WASHINGTON–U.S. Senator Chris Murphy (D-Conn.) on Sunday joined MSNBC’s Inside with Jen Psaki to discuss the impact of the Biden administration’s proposed rule to clarify the definition of who is engaged in the business of dealing firearms. Murphy also discussed the dangers of racist right wing rhetoric and the upcoming 2024 presidential election.
On the Biden administration’s new proposed rule to implement the Bipartisan Safer Communities Act and expand background checks, Murphy said: “We made it clear that anybody that's in the business of selling guns, even if it's a part time business, has to be licensed and has to perform background checks. And so the Biden administration announced just this week that they are going to be implementing that section of the bill, and it is likely going to result in literally tens of thousands of guns that right now are sold without background checks, having background checks applied. And that means there's going to be a lot fewer criminals, a lot fewer people with mental illness, who are going to be able to find loopholes around the background check law to get their hands on a firearm. And that is predominantly people who are selling, you know, maybe 20, 30, 40 guns a year at a gun show or online that weren't doing background checks before who are now going to have to perform background checks. And by the way, five minute background checks that don't stop any law abiding gun owner from getting their hands on a weapon.”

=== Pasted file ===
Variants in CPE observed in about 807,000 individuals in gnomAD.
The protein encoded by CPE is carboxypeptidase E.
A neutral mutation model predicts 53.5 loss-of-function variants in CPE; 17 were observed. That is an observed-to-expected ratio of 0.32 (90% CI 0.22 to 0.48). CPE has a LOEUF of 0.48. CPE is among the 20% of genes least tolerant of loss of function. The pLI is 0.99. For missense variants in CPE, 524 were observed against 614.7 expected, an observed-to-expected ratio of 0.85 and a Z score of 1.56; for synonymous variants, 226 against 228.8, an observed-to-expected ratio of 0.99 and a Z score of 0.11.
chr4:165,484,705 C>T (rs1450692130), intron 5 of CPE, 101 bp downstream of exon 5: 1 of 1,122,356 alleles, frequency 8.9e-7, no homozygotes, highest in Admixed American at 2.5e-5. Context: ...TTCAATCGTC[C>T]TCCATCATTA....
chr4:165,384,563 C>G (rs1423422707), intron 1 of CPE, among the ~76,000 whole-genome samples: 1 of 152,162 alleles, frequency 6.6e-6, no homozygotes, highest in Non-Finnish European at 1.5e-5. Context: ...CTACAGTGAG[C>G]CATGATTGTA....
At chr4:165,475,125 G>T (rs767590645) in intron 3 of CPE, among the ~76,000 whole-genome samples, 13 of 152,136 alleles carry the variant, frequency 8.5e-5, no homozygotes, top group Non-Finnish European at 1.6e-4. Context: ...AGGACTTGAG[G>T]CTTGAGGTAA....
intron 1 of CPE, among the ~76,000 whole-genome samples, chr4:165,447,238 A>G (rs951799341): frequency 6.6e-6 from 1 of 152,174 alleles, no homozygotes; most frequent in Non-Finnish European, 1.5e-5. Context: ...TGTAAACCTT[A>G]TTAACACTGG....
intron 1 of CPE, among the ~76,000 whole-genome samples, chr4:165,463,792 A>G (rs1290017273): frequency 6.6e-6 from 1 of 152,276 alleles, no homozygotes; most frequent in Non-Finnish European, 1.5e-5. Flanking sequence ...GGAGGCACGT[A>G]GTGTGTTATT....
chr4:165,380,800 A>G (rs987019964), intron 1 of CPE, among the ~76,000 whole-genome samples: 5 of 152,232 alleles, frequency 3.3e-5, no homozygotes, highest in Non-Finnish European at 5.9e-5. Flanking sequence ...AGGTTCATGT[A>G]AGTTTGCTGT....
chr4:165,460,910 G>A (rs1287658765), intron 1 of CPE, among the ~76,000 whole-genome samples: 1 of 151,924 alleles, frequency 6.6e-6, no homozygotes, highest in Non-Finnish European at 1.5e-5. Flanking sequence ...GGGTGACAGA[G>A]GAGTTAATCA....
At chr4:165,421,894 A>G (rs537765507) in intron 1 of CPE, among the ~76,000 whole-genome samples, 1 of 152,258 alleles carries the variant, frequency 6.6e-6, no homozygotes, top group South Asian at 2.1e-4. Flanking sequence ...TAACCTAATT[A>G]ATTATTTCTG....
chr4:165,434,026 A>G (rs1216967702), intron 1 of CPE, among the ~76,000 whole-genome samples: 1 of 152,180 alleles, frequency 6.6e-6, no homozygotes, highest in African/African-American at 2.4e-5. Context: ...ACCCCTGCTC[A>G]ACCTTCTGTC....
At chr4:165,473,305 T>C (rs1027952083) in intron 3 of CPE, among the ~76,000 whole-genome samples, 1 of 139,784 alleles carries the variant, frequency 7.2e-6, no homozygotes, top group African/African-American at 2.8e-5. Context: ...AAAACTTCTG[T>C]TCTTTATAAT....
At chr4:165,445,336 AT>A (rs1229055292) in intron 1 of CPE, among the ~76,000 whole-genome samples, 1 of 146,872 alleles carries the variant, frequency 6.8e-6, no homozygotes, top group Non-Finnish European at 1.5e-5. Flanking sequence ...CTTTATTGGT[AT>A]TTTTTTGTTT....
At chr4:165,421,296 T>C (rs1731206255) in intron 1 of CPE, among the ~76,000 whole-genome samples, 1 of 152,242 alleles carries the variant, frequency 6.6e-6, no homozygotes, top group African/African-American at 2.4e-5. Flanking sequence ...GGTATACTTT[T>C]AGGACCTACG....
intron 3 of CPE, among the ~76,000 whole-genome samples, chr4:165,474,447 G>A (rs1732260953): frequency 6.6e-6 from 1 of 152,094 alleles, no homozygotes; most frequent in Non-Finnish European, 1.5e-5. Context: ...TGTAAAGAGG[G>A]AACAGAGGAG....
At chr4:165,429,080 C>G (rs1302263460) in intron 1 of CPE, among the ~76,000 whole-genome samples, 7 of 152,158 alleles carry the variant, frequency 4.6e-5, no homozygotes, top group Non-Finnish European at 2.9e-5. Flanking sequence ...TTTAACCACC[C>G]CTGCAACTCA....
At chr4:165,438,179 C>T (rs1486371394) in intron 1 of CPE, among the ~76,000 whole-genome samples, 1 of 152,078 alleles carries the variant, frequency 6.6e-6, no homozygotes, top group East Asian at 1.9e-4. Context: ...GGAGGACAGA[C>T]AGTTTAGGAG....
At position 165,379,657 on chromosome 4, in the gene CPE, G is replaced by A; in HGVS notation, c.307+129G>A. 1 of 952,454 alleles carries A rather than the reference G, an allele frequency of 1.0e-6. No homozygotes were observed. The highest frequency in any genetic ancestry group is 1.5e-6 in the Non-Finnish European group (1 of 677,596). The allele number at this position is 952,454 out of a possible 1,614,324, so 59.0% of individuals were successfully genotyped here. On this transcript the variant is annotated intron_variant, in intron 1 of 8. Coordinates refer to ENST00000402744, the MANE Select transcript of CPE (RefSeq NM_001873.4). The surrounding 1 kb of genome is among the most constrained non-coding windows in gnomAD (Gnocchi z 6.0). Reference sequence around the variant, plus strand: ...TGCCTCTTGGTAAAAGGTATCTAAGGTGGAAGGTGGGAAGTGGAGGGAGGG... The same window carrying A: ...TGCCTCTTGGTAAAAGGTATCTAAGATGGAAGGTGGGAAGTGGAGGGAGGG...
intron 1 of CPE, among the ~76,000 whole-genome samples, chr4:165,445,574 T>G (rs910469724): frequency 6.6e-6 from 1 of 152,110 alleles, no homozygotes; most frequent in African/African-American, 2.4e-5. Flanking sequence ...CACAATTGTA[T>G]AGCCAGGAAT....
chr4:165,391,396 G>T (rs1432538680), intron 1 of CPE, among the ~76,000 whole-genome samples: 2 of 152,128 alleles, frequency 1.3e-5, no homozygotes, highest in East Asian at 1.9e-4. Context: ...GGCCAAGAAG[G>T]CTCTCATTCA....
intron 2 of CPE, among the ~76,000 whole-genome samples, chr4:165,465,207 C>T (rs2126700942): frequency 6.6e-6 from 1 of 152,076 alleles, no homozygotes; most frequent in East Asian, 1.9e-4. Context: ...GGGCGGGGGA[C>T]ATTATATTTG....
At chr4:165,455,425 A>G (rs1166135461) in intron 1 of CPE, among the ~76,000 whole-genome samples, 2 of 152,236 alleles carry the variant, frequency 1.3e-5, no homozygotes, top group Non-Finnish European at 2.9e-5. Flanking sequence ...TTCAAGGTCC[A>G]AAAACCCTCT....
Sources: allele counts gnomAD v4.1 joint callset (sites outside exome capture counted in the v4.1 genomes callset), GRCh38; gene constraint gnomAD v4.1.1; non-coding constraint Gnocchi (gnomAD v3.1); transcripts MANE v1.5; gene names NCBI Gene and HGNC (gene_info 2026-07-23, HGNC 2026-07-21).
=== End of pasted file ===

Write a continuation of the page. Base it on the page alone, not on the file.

Murphy highlighted the consequences of dangerous right wing rhetoric: “There is a direct through line between the glorification and endorsement of violence that is happening in right wing political circles and the usage of violence against Black, brown, gay, lesbian, transgender Americans. The folks who are out there glorifying violence that are part of Trump's movement, they are sending a signal of endorsement to people who think that they can deal with their demons by taking out violence on people that they hate.”
Murphy pushed back on some Republicans who conflate mental illness with hateful racism: “It’s really important to point out that you don't have to be mentally ill to be racist. There are plenty of people who are not mentally ill, who are hateful and prejudiced towards minorities and vulnerable populations in this country, and so it is just not true to look at many of these hate crimes and just write that away as a consequence of mental illness. There's a difference between mental illness and racism, and the folks that are distributing this racist hate material, they have to be held accountable for that.”
On the upcoming election in 2024, Murphy said: “I think [Joe Biden’s] going to beat Donald Trump by a bigger margin than in the last election, and I think that's because he's going to have a pretty incredible record to run on. And there are going to be issues like abortion that are going to drive even more voters, especially young voters, out to the polls in 2024 than came out in 2020. And I think that our success in passing things like the Bipartisan Safer Communities Act is proof to those young voters that when they turn out and vote for Democrats, we actually can get things done that matter to them on issues like guns, choice and climate.”
Last week, Murphy released a statement on the U.S. Department of Justice’s (DOJ) proposed new rule to specify the definition of engaged in the business as a dealer in firearms. Murphy’s Bipartisan Safer Communities Act clarified the definition of who is “engaged in the business” of dealing in firearms as a person doing so with the intent to “predominately earn a profit.” The new rule amends the Bureau of Alcohol, Tobacco, Firearms and Explosives’ (ATF) regulations to conform with the Bipartisan Safer Communities Act, clarifying who must register as a federally licensed firearms dealer and conduct background checks on gun sales.